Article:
New Indictments In DOJ Chicken Price-Fixing Probe

The Department of Justice announced six new chicken-industry defendants in its ongoing investigation into price-fixing and bid rigging for broiler chicken products.

In June, DOJ indicted four executives in its first charges in the criminal probe. On Tuesday, a federal grand jury in the U.S. District Court in Denver, CO, returned a superseding indictment against six more for their roles in the alleged activity, and containing additional allegations against the previously charged defendants in the same conspiracy. The superseding indictment also charges one defendant with making false statements and obstruction of justice.

The June indictments were filed against Pilgrim’s Pride CEO Jayson Penn, former Pilgrim’s Pride vice president Roger Austin, Mikell Fries, president of Claxton Poultry and Scott Brady, vice president of Claxton Poultry. Pilgrim’s Pride, headquartered in Greeley, CO, claims to produce 20% of all chicken consumed in the U.S., and its parent company is JBS S.A.

The six defendants named this week are: former Pilgrim’s Pride CEO William Lovette; Timothy Mulrenin, director of national account sales for Perdue Farms, and formerly Tyson Foods’ director of sales; William Kantola, Pilgrim’s Pride; Jimmie Little, Pilgrim’s Pride; Gary Roberts, who was an employee at a chicken supplier headquartered in North Carolina and a manager and director at a chicken supplier headquartered in Arkansas; and Rickie Blake, who was a director and manager at a chicken supplier headquartered in Arkansas.

The documents allege that industry executives conspired to fix prices from 2012 through 2019.

The indictments come after grocers, retailers and consumers filed a lawsuit accusing Pilgrim's Pride, Tyson and other poultry processors of conspiring to inflate prices for broiler chickens. The companies have denied the allegations.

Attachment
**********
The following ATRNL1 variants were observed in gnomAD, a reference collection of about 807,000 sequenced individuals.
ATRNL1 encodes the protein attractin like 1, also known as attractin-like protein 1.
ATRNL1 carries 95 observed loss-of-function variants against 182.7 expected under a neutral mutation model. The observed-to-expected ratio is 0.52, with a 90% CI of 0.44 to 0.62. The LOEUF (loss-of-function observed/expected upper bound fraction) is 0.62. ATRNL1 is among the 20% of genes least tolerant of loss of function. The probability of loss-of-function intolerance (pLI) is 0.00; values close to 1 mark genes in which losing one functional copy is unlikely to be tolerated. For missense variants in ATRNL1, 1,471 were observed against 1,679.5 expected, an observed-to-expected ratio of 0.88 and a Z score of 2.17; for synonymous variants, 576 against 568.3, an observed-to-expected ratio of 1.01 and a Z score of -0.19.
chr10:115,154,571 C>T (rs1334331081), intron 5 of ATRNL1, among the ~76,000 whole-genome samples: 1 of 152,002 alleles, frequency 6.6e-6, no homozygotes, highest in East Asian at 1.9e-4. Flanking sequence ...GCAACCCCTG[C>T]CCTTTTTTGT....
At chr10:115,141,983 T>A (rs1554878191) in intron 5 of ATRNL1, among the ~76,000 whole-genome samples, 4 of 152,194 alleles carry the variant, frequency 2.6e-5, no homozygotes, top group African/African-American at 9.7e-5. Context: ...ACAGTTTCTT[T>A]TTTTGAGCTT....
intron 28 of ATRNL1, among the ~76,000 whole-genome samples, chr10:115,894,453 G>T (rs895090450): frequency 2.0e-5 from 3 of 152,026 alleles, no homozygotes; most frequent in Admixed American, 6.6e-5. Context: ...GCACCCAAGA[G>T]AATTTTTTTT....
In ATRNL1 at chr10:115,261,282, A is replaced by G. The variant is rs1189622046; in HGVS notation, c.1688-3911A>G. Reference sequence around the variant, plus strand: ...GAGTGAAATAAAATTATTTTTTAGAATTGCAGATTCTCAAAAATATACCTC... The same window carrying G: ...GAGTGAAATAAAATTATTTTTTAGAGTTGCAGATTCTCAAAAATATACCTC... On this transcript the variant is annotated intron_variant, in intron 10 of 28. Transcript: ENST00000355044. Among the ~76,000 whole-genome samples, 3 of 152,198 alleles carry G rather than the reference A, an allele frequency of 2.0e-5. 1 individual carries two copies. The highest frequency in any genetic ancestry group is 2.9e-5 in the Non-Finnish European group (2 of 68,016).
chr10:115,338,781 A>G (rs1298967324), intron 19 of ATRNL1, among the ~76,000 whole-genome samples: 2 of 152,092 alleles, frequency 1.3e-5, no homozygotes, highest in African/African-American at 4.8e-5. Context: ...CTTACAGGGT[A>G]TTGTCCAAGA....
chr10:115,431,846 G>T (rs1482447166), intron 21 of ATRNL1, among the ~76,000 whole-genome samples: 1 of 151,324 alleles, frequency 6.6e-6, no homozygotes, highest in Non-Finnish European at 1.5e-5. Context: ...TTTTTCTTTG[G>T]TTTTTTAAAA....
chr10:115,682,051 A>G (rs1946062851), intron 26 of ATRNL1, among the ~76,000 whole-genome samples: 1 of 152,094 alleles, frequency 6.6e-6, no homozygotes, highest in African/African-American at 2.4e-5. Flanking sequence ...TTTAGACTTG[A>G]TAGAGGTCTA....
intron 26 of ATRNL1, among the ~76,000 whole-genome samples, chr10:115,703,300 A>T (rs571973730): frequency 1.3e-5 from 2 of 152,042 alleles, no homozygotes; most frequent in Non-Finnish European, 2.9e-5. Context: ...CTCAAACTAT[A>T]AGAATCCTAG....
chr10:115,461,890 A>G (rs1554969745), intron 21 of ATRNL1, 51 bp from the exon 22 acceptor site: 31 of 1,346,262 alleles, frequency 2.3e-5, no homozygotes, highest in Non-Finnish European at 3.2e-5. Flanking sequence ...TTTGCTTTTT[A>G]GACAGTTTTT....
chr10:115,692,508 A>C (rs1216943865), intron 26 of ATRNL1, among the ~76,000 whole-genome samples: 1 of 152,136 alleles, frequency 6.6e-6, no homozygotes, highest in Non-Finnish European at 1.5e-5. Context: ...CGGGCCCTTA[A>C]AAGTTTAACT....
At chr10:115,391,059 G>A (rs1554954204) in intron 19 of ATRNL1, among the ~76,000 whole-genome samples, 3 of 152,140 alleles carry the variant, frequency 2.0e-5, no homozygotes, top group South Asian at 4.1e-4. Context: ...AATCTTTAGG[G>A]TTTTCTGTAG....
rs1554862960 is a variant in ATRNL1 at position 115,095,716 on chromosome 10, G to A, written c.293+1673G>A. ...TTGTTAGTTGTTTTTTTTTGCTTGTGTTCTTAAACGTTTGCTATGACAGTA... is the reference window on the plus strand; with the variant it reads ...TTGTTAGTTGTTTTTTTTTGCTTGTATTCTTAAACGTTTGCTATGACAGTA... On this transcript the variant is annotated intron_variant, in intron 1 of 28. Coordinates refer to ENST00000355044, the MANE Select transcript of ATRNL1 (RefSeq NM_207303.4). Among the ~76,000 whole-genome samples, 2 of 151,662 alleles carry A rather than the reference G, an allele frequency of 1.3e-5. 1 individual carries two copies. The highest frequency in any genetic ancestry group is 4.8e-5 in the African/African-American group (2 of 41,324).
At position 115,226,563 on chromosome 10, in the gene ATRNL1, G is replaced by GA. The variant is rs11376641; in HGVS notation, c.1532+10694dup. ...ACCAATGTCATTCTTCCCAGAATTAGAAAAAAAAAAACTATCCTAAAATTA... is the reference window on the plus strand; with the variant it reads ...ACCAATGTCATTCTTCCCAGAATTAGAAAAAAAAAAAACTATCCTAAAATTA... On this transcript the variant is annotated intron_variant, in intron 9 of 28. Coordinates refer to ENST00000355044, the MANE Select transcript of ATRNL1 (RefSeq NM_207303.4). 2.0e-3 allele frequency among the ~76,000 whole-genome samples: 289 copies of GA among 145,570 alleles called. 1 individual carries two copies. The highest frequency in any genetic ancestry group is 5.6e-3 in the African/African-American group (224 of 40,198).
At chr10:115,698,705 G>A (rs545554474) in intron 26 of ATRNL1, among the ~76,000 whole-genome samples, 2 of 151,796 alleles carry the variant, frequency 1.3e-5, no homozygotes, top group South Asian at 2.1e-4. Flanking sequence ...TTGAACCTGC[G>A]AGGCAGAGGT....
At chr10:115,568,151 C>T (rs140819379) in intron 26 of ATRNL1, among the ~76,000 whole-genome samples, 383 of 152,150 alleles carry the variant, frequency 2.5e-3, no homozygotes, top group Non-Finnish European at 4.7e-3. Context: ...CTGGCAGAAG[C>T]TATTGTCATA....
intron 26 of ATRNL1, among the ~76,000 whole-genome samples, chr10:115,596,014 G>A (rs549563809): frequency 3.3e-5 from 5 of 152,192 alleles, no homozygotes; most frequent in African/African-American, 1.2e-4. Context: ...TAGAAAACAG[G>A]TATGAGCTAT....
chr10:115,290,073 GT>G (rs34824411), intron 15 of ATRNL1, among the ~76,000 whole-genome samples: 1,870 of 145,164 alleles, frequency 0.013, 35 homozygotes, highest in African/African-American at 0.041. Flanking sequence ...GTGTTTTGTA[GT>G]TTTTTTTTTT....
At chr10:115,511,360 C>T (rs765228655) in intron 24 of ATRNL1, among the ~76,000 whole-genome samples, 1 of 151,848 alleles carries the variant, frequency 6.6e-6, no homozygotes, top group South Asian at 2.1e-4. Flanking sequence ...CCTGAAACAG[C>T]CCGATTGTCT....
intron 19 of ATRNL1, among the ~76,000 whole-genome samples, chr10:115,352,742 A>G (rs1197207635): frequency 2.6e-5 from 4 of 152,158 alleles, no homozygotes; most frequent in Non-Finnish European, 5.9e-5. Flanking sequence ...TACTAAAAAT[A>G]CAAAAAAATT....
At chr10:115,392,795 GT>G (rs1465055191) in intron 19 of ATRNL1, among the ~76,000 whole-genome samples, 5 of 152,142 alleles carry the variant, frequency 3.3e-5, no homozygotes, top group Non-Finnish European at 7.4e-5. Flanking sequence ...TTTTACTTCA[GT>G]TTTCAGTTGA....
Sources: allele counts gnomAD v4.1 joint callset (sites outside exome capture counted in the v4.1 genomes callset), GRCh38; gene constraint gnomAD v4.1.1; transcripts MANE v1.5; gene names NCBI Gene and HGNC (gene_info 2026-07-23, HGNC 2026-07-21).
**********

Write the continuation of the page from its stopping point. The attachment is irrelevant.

Finally, defendant Little is charged with one count of making false statements to federal law enforcement agents in violation of 18 U.S.C. § 1001, and one count of obstruction of justice in violation of 18 U.S.C. § 1512(c)(2).  The investigation remains ongoing.    

“The division will not tolerate collusion that inflates prices American shoppers and diners pay for food,” said Assistant Attorney General Makan Delrahim of the Department of Justice’s Antitrust Division.  “Executives who choose collusion over competition will be held to account for schemes that cheat consumers and corrupt our competitive markets.  The division will also continue to charge those who knowingly lie to our law enforcement partners and obstruct our investigations — such conduct undermines our criminal justice system and will be prosecuted to the fullest extent of the law.”

“The charges in this ongoing investigation show the commitment of the FBI and our partners to work together to uncover these crimes and hold these individuals responsible,” said James A. Dawson, Acting Assistant Director in Charge of the FBI Washington Field Office.  “To date, there have been 10 individuals charged for their participation in this conspiracy to fix prices and rig bids.  The American people and restaurant owners should not be the ones to pay unnecessary rising costs of food while executives and employees line their pockets.”